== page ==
I The imitation circuit
II Innateness of imitation
II Motor imagery, motor perception, motor execution
IV Artificial intelligence and imitation
V Imitation and representation

I The imitation circuit

1. Action is preceded by image, that is, visualisation of the action provides the structure for the action executed

2. Perception of external action provides structure for creation of the internal motor program for action

3. The circuit is completed:

Visual perception of external action
Creation of internal motor program for action
Translation of internal program into external action

= Imitation

II Innateness of imitation - Notes

Mead:The relation of imitation to the theory of animal perception [1907]

Thorpe: how is it that man achieved this extraordinarily perfect imitative ability?

Hayek: A great capacity for imitating, that is, translating perceived into performed movements. This may indeed have been one of the most important steps in the development of the brain.

Yando, Seitz and Zigler [1978 Imitation: A developmental perspective] Piaget has described such clear changes in imitation as a function of changes in a child's level of cognitive development. Piaget has suggested that newborn infants are not capable of true imitation at all. The nature of imitation remains in many ways a mystery.

Maratos: Imitation touches upon many different aspects of functioning of the human mind, i.e. intersensory perception and intermodal coordination, emotional and motivational issues, cognitive capacities, developmental theories, etc. The phenomenon still seems to puzzle the neuroscientists and the developmental psychologists.

In motor imitation actors match their own movements to those of a visually presented model. Although humans are very accurate in imitating many complex motor skills, as can be observed for instance in sport, the mechanisms that underlie successful imitation in the domain of sensory- motor coordination are poorly understood. [Max Planck Institute for Psychological Research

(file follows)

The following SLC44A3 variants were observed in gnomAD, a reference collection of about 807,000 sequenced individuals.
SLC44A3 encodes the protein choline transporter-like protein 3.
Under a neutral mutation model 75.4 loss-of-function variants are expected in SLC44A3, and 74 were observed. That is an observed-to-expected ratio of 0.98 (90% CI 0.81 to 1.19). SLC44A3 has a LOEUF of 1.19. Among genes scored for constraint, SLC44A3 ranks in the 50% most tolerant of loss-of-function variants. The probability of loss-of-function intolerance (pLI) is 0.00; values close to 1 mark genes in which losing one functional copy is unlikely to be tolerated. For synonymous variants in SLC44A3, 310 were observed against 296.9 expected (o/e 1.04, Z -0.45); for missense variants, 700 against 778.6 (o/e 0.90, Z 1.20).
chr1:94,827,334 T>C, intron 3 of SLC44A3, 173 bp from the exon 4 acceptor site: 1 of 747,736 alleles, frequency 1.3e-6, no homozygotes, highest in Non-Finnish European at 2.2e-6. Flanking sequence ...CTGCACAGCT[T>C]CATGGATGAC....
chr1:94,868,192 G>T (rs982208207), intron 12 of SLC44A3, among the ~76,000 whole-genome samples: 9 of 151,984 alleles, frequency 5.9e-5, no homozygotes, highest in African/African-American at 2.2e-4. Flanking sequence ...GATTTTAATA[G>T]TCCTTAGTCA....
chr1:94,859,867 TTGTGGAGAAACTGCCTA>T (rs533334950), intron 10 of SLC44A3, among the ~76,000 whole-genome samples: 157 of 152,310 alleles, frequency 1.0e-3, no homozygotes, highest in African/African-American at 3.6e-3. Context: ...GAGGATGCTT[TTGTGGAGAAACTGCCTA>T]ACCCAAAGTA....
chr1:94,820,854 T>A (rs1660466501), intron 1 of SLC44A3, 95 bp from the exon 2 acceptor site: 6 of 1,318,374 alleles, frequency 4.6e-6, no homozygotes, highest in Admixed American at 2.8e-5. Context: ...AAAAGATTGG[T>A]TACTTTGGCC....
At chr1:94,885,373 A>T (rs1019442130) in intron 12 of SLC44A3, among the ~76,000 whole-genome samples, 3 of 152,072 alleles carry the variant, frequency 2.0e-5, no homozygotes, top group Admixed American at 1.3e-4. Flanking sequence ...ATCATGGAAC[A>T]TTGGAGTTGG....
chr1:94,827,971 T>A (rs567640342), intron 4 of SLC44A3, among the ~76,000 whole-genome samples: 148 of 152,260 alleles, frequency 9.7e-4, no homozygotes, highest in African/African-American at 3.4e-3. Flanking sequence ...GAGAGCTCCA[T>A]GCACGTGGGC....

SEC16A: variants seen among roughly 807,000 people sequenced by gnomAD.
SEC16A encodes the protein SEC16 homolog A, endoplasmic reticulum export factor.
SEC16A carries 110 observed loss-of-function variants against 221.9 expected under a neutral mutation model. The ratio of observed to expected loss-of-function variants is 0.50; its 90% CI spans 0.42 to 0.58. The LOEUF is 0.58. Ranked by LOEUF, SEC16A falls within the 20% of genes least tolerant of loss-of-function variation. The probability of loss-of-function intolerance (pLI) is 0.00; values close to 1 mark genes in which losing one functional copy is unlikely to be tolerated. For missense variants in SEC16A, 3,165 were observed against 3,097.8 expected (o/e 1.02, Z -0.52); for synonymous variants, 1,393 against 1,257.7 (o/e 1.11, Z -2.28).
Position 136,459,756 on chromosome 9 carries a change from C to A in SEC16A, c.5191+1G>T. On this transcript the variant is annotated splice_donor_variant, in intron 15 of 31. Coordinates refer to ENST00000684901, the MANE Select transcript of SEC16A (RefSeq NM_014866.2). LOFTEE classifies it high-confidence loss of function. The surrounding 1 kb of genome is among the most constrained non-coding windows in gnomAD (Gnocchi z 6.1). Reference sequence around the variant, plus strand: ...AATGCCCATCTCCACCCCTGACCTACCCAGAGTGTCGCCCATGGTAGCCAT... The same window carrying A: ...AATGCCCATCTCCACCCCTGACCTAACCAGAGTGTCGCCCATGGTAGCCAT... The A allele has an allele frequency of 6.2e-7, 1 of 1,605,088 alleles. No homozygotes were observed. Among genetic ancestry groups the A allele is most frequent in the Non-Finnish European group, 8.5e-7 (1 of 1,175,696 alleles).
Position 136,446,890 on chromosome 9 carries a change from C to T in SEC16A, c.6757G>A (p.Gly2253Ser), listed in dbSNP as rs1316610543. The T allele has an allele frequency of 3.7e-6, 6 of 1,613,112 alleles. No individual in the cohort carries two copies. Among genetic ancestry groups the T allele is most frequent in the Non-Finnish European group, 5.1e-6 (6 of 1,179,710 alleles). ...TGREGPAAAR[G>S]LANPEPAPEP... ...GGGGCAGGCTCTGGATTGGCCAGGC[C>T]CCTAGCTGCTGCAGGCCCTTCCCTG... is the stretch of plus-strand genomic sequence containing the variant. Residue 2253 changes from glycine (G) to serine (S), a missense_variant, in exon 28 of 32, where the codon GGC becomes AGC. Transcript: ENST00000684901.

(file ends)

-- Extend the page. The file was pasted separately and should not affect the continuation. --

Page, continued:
Molnar and Nagy: the so called Meltzoff-Moore effect (the astonishing imitative capacity of newborns)

Meltzoff and Moore carried out well-conceived, well-controlled and statistically-validated experiments to investigate imitation by newborn infants of adult facial gestures.

Infants between 12 and 21 days of age can imitate both facial and manual gestures... Such imitation implies that human neonates can equate their own unseen behaviors with gestures they see others perform. (Meltzoff and Moore 1977:75)

The hypothesis we favor is that this imitation is based on the neonate's capacity to represent visually and proprioceptively perceived information in a form common to both modalities. The infant could thus compare the sensory information from his own unseen motor behavior to a `supramodal' representation of the visually perceived gesture and construct the match required. ... Our recent observations of facial imitation in six newborns- one only 60 minutes old - suggest to us that the ability to use intermodal equivalences is an innate ability of humans.(Meltzoff and Moore 1977: 78)

Newborn infants ranging in age from 0.7 to 71 hours old were tested for their ability to imitate 2 adult facial gestures: mouth opening and tongue protrusion. ... The results showed that newborn infants can imitate both adult displays. (Meltzoff and Moore 1983: 702)

infants use the equivalence between the act seen and the act done as the fundamental basis for generating the behavioral match. ... this imitation is mediated by a representational system that allows infants to unite within one common framework their own body transformations and those of others. According to this view, both visual and motor transformations of the body can be represented in a common form and thus directly compared. (Meltzoff and Moore 1983: 708)